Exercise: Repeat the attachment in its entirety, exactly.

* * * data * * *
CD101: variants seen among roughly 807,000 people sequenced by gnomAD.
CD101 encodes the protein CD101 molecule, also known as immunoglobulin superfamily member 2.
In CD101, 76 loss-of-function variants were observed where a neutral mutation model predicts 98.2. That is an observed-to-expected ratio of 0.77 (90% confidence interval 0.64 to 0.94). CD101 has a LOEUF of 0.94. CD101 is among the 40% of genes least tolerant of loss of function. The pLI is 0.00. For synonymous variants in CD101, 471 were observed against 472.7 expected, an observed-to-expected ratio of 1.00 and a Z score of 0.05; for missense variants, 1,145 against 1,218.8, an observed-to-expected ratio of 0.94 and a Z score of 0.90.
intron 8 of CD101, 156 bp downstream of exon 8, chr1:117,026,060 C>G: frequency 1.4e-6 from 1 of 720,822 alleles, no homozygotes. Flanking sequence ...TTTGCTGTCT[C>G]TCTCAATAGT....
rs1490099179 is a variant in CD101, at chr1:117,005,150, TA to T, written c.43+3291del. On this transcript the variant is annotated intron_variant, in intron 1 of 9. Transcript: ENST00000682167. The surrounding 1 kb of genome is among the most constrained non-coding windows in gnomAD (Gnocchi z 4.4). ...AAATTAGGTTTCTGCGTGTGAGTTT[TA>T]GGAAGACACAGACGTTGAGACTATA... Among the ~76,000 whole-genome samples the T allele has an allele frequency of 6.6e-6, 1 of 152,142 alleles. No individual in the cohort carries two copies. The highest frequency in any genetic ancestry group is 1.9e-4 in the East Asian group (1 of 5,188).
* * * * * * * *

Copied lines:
CD101: variants seen among roughly 807,000 people sequenced by gnomAD.
CD101 encodes the protein CD101 molecule, also known as immunoglobulin superfamily member 2.
In CD101, 76 loss-of-function variants were observed where a neutral mutation model predicts 98.2. That is an observed-to-expected ratio of 0.77 (90% confidence interval 0.64 to 0.94). CD101 has a LOEUF of 0.94. CD101 is among the 40% of genes least tolerant of loss of function. The pLI is 0.00. For synonymous variants in CD101, 471 were observed against 472.7 expected, an observed-to-expected ratio of 1.00 and a Z score of 0.05; for missense variants, 1,145 against 1,218.8, an observed-to-expected ratio of 0.94 and a Z score of 0.90.
intron 8 of CD101, 156 bp downstream of exon 8, chr1:117,026,060 C>G: frequency 1.4e-6 from 1 of 720,822 alleles, no homozygotes. Flanking sequence ...TTTGCTGTCT[C>G]TCTCAATAGT....
rs1490099179 is a variant in CD101, at chr1:117,005,150, TA to T, written c.43+3291del. On this transcript the variant is annotated intron_variant, in intron 1 of 9. Transcript: ENST00000682167. The surrounding 1 kb of genome is among the most constrained non-coding windows in gnomAD (Gnocchi z 4.4). ...AAATTAGGTTTCTGCGTGTGAGTTT[TA>T]GGAAGACACAGACGTTGAGACTATA... Among the ~76,000 whole-genome samples the T allele has an allele frequency of 6.6e-6, 1 of 152,142 alleles. No individual in the cohort carries two copies. The highest frequency in any genetic ancestry group is 1.9e-4 in the East Asian group (1 of 5,188).